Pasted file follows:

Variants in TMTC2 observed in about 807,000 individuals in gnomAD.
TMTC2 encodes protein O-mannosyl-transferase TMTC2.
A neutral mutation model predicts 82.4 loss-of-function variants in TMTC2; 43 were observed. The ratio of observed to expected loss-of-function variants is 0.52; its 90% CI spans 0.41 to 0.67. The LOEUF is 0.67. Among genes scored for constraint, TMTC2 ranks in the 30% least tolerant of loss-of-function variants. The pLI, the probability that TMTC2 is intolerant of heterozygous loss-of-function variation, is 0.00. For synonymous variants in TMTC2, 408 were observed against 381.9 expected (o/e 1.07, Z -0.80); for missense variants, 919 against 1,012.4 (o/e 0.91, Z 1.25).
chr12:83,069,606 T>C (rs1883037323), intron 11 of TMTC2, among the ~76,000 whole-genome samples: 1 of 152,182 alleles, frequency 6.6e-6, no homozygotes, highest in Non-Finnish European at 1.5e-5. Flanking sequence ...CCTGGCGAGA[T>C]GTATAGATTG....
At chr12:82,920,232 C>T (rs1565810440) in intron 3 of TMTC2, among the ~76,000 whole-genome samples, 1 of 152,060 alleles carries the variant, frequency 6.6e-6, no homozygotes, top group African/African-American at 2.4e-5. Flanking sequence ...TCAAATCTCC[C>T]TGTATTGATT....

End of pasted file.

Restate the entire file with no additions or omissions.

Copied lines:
Variants in TMTC2 observed in about 807,000 individuals in gnomAD.
TMTC2 encodes protein O-mannosyl-transferase TMTC2.
A neutral mutation model predicts 82.4 loss-of-function variants in TMTC2; 43 were observed. The ratio of observed to expected loss-of-function variants is 0.52; its 90% CI spans 0.41 to 0.67. The LOEUF is 0.67. Among genes scored for constraint, TMTC2 ranks in the 30% least tolerant of loss-of-function variants. The pLI, the probability that TMTC2 is intolerant of heterozygous loss-of-function variation, is 0.00. For synonymous variants in TMTC2, 408 were observed against 381.9 expected (o/e 1.07, Z -0.80); for missense variants, 919 against 1,012.4 (o/e 0.91, Z 1.25).
chr12:83,069,606 T>C (rs1883037323), intron 11 of TMTC2, among the ~76,000 whole-genome samples: 1 of 152,182 alleles, frequency 6.6e-6, no homozygotes, highest in Non-Finnish European at 1.5e-5. Flanking sequence ...CCTGGCGAGA[T>C]GTATAGATTG....
At chr12:82,920,232 C>T (rs1565810440) in intron 3 of TMTC2, among the ~76,000 whole-genome samples, 1 of 152,060 alleles carries the variant, frequency 6.6e-6, no homozygotes, top group African/African-American at 2.4e-5. Flanking sequence ...TCAAATCTCC[C>T]TGTATTGATT....